Photo: Bill Pugliano / Getty Images

Ford Motor Co. plans to increase its investment in electric and hybrid vehicles to reach $11 billion by 2022, a major boost over previously announced plans to spend $4.5 billion by 2020, executives said Sunday at the Detroit auto show.

Why it matters: The expanded investment is another sign of how the world’s biggest car companies see electric vehicles eventually becoming a major market segment.

The company plans to expand its offerings to reach 40 electric and plug-in hybrid vehicles, including 16 fully electric models, according to accounts in Reuters, Bloomberg and elsewhere.

Electric vehicles are currently a minuscule portion of the global fleet, representing less than a percent of light-duty vehicles worldwide. But a number of countries — including China, the world’s largest auto market — are taking steps to expand their market penetration in the coming years and decades.

Last year the U.K. and France announced plans to phase out sales of gasoline- and diesel-powered vehicles by 2040. Forecasts vary, but on the more bullish side, the firm Bloomberg New Energy Finance projects that electric vehicles will account for 54 percent of new light duty vehicle sales worldwide by 2040.

“We’re all in on this and we’re taking our mainstream vehicles, our most iconic vehicles, and we’re electrifying them... If we want to be successful with electrification, we have to do it with vehicles that are already popular.”
— Chairman Bill Ford to reporters at the show, according to Reuters

Go deeper

Trump's 2 chilling debate warnings

Photo: Morry Gash/Pool via Getty Images

One of the few groups in America with anything to celebrate after last night's loud, ugly, rowdy presidential "debate" was the violent, far-right Proud Boys, after President Trump pointedly refused to condemn white supremacist groups.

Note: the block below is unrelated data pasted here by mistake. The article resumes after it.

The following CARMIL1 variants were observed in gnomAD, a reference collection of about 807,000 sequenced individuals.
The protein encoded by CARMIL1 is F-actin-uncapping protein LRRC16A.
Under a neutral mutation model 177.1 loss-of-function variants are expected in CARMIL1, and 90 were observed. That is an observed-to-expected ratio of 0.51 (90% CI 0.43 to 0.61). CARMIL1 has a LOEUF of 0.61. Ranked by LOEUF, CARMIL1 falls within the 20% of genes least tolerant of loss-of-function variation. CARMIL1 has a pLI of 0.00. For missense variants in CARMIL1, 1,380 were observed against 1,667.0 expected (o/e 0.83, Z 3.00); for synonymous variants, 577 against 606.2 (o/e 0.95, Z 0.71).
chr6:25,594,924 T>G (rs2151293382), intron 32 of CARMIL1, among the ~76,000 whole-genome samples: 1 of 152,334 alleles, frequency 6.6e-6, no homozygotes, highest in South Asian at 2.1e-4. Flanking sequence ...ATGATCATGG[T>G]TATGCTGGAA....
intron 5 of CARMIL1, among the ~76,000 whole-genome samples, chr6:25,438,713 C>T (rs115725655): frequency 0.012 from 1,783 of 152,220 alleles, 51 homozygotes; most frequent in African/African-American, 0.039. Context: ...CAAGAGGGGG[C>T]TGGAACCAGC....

Why it matters: This was a for-the-history-books moment in a debate that was mostly headache-inducing noise. Trump failed to condemn racist groups after four months when millions marched for racial justice in the country's largest wave of activism in half a century.

Ina Fried, author of Login
50 mins ago - Technology

Candidates go online to cut through debate noise

Photo: Saul Loeb/AFP via Getty Images

While President Trump and Joe Biden fought to be heard in a rowdy debate Tuesday, both campaigns sought to draw digital battle lines and occupy online turf they could have all to themselves.

The big picture: Trump's impulsive Twitter style made a shambles of the debate format, but online the candidates were able to find niches where they couldn't be interrupted — and could motivate their supporters to donate, organize and turn out to vote.

Ben Geman, author of Generate
2 hours ago - Energy & Environment

Shell plans up to 9,000 job cuts by 2022

A Shell station in Brazil. Photo: Rafael Henrique/SOPA Images/LightRocket via Getty Images

Royal Dutch Shell will shed up to 9,000 jobs as it undergoes a long-term restructuring around climate-friendly energy sources and continues to grapple with the coronavirus pandemic that has battered the oil industry.

Why it matters: The cuts could amount to over 10% of the company's global workforce, which was 83,000 at the end of 2019.